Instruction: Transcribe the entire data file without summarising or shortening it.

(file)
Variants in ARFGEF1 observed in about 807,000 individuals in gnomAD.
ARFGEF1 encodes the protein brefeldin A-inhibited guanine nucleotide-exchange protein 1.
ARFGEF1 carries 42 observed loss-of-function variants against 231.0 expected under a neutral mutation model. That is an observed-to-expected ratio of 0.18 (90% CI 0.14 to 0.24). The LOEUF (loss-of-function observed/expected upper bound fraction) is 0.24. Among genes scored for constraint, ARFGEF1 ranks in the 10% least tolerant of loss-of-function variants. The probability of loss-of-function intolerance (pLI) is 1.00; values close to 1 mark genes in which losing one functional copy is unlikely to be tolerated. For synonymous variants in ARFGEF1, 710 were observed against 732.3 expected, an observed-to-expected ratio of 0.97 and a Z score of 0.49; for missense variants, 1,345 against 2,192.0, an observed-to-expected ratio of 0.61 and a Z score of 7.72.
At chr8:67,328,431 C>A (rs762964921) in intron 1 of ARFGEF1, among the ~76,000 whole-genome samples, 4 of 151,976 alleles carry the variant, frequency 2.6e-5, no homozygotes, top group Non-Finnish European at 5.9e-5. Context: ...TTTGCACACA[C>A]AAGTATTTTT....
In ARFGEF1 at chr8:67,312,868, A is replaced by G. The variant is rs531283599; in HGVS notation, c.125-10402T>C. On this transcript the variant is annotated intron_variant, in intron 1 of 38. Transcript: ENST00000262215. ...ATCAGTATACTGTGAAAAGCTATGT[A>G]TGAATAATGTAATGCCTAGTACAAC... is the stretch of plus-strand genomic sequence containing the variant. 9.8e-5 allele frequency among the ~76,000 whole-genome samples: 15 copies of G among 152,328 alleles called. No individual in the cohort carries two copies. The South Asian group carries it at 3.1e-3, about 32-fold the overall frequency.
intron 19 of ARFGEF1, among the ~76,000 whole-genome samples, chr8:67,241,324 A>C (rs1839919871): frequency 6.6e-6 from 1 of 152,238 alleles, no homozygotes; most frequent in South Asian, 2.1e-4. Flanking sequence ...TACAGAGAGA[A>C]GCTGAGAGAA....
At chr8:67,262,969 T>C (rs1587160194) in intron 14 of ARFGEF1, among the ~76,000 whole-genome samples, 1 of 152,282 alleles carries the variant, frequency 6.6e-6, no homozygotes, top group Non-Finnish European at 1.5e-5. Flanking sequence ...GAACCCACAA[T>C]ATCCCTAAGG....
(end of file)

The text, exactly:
Variants in ARFGEF1 observed in about 807,000 individuals in gnomAD.
ARFGEF1 encodes the protein brefeldin A-inhibited guanine nucleotide-exchange protein 1.
ARFGEF1 carries 42 observed loss-of-function variants against 231.0 expected under a neutral mutation model. That is an observed-to-expected ratio of 0.18 (90% CI 0.14 to 0.24). The LOEUF (loss-of-function observed/expected upper bound fraction) is 0.24. Among genes scored for constraint, ARFGEF1 ranks in the 10% least tolerant of loss-of-function variants. The probability of loss-of-function intolerance (pLI) is 1.00; values close to 1 mark genes in which losing one functional copy is unlikely to be tolerated. For synonymous variants in ARFGEF1, 710 were observed against 732.3 expected, an observed-to-expected ratio of 0.97 and a Z score of 0.49; for missense variants, 1,345 against 2,192.0, an observed-to-expected ratio of 0.61 and a Z score of 7.72.
At chr8:67,328,431 C>A (rs762964921) in intron 1 of ARFGEF1, among the ~76,000 whole-genome samples, 4 of 151,976 alleles carry the variant, frequency 2.6e-5, no homozygotes, top group Non-Finnish European at 5.9e-5. Context: ...TTTGCACACA[C>A]AAGTATTTTT....
In ARFGEF1 at chr8:67,312,868, A is replaced by G. The variant is rs531283599; in HGVS notation, c.125-10402T>C. On this transcript the variant is annotated intron_variant, in intron 1 of 38. Transcript: ENST00000262215. ...ATCAGTATACTGTGAAAAGCTATGT[A>G]TGAATAATGTAATGCCTAGTACAAC... is the stretch of plus-strand genomic sequence containing the variant. 9.8e-5 allele frequency among the ~76,000 whole-genome samples: 15 copies of G among 152,328 alleles called. No individual in the cohort carries two copies. The South Asian group carries it at 3.1e-3, about 32-fold the overall frequency.
intron 19 of ARFGEF1, among the ~76,000 whole-genome samples, chr8:67,241,324 A>C (rs1839919871): frequency 6.6e-6 from 1 of 152,238 alleles, no homozygotes; most frequent in South Asian, 2.1e-4. Flanking sequence ...TACAGAGAGA[A>C]GCTGAGAGAA....
At chr8:67,262,969 T>C (rs1587160194) in intron 14 of ARFGEF1, among the ~76,000 whole-genome samples, 1 of 152,282 alleles carries the variant, frequency 6.6e-6, no homozygotes, top group Non-Finnish European at 1.5e-5. Flanking sequence ...GAACCCACAA[T>C]ATCCCTAAGG....